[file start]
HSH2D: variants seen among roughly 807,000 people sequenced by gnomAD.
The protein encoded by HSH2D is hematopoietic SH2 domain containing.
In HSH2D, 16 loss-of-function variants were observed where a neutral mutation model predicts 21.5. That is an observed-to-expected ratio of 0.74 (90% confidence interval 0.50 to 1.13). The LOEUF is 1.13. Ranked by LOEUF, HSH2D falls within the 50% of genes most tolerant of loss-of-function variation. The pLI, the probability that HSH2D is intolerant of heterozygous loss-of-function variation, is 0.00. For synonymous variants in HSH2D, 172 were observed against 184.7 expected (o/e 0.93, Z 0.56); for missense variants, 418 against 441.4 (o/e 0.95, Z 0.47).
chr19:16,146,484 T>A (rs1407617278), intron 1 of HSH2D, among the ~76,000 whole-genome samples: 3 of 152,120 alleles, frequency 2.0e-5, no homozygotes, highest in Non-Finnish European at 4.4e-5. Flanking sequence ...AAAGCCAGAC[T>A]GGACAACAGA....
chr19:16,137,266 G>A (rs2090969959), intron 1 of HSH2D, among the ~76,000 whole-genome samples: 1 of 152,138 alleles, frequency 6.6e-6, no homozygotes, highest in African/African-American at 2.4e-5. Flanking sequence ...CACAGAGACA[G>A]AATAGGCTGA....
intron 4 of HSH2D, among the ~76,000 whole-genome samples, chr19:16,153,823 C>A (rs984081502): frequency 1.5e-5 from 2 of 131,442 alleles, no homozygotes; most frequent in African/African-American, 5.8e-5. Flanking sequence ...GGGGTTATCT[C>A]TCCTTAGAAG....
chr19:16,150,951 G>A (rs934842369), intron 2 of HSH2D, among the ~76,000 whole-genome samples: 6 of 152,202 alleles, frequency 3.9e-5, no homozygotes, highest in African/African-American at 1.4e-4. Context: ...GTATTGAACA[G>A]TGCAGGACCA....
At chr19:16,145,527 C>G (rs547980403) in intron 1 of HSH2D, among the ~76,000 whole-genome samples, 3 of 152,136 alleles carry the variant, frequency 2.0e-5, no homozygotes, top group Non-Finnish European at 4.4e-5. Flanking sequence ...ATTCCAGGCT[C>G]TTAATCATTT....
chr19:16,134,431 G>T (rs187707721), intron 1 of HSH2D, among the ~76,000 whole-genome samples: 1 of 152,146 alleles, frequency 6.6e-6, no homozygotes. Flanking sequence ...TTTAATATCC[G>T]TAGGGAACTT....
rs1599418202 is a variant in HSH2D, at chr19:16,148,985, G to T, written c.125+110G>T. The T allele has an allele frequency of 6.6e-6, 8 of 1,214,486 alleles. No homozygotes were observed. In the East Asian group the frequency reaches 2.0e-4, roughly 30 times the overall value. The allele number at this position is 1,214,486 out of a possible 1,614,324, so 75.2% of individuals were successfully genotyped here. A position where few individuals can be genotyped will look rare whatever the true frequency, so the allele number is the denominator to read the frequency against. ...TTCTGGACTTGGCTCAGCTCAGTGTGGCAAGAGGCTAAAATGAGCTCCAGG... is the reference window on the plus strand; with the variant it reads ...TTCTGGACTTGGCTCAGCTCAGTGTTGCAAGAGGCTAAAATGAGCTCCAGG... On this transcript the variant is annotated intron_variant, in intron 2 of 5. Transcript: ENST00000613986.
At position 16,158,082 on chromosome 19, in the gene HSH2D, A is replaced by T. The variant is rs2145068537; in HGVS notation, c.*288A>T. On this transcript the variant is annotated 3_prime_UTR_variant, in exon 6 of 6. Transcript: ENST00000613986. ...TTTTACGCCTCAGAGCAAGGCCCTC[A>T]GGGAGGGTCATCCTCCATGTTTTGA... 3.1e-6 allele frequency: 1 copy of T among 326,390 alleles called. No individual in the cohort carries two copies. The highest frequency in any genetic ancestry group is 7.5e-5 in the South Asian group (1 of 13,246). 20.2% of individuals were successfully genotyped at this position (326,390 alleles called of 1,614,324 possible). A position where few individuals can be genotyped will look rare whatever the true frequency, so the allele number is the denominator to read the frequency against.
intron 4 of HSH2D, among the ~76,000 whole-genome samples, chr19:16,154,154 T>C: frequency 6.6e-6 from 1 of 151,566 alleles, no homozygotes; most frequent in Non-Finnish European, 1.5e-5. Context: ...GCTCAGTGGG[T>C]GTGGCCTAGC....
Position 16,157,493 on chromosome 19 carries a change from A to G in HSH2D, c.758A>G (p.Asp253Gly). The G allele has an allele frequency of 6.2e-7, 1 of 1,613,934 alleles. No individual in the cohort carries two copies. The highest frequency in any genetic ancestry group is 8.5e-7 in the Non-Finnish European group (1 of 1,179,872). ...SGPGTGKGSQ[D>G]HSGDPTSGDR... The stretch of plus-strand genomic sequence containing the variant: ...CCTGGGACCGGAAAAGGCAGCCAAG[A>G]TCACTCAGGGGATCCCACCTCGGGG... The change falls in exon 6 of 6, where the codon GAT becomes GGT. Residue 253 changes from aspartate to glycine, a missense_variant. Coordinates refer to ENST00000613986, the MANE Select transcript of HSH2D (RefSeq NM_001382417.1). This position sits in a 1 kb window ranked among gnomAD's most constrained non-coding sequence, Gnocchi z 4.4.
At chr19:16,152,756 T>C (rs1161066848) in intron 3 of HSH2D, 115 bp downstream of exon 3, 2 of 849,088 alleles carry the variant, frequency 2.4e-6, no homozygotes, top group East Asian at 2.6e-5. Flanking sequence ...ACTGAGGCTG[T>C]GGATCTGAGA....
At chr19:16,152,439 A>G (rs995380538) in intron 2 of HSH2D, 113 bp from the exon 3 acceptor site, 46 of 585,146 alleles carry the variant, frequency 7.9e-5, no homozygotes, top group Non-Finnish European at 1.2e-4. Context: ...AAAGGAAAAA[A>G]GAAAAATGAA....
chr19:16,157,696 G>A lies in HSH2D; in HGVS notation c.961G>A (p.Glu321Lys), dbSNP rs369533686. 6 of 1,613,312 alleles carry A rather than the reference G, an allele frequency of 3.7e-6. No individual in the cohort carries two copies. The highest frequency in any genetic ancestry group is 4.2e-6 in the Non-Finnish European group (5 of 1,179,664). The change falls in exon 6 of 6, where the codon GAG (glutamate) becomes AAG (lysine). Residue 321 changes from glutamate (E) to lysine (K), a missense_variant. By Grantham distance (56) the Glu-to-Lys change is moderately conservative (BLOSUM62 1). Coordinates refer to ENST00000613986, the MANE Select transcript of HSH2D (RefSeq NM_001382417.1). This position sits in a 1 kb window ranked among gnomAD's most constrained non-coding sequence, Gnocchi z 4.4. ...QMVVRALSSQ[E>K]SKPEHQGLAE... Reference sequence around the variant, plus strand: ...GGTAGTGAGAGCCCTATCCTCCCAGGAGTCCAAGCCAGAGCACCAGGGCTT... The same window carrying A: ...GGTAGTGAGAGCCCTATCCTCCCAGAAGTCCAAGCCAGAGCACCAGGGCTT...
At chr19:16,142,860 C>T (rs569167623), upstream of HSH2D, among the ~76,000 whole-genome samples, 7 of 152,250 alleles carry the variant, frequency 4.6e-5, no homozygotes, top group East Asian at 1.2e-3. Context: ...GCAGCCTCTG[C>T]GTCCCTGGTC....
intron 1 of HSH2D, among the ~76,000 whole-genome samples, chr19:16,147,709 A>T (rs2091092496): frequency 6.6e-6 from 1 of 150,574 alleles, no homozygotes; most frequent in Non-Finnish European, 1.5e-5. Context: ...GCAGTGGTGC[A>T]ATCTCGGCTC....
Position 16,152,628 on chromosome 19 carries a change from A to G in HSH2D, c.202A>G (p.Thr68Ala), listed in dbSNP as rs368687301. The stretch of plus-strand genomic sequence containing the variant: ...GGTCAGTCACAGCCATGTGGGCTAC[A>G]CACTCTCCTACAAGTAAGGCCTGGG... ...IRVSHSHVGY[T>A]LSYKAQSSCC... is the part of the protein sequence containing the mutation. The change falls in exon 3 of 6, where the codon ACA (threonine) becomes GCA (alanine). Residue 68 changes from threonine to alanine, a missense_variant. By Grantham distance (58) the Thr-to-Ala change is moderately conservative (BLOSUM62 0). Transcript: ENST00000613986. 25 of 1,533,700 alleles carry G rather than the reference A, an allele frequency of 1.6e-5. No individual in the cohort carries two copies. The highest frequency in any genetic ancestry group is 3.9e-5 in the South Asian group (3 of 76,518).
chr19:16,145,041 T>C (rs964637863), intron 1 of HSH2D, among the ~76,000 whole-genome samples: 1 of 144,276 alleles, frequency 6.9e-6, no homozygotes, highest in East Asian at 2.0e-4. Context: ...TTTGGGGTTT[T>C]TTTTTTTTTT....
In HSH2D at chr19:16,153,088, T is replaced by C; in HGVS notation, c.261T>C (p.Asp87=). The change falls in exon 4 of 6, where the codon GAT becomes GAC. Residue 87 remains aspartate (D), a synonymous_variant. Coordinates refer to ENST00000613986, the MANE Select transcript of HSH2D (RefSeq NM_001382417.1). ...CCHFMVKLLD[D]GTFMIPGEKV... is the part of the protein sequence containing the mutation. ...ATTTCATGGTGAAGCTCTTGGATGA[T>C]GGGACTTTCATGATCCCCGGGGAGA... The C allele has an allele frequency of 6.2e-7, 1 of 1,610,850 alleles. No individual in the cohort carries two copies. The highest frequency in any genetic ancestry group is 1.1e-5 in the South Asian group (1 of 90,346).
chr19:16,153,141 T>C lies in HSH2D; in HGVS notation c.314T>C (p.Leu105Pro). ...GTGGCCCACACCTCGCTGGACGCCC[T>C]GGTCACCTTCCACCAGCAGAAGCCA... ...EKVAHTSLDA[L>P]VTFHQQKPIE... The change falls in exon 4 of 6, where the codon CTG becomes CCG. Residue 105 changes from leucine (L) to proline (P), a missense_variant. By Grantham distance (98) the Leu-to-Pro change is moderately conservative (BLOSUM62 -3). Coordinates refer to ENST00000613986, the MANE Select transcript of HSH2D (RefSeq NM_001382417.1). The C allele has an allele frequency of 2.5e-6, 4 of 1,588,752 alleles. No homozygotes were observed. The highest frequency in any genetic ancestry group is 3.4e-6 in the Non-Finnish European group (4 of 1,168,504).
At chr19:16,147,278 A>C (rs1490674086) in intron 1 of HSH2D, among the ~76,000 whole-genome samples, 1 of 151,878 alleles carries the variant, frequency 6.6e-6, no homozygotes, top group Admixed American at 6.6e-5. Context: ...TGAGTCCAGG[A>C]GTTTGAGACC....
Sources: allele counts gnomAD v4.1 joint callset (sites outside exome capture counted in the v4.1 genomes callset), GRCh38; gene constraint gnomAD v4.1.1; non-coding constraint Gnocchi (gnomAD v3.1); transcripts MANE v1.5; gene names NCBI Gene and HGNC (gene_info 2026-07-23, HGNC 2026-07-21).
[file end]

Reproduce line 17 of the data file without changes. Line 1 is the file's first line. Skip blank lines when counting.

At chr19:16,142,860 C>T (rs569167623), upstream of HSH2D, among the ~76,000 whole-genome samples, 7 of 152,250 alleles carry the variant, frequency 4.6e-5, no homozygotes, top group East Asian at 1.2e-3. Context: ...GCAGCCTCTG[C>T]GTCCCTGGTC....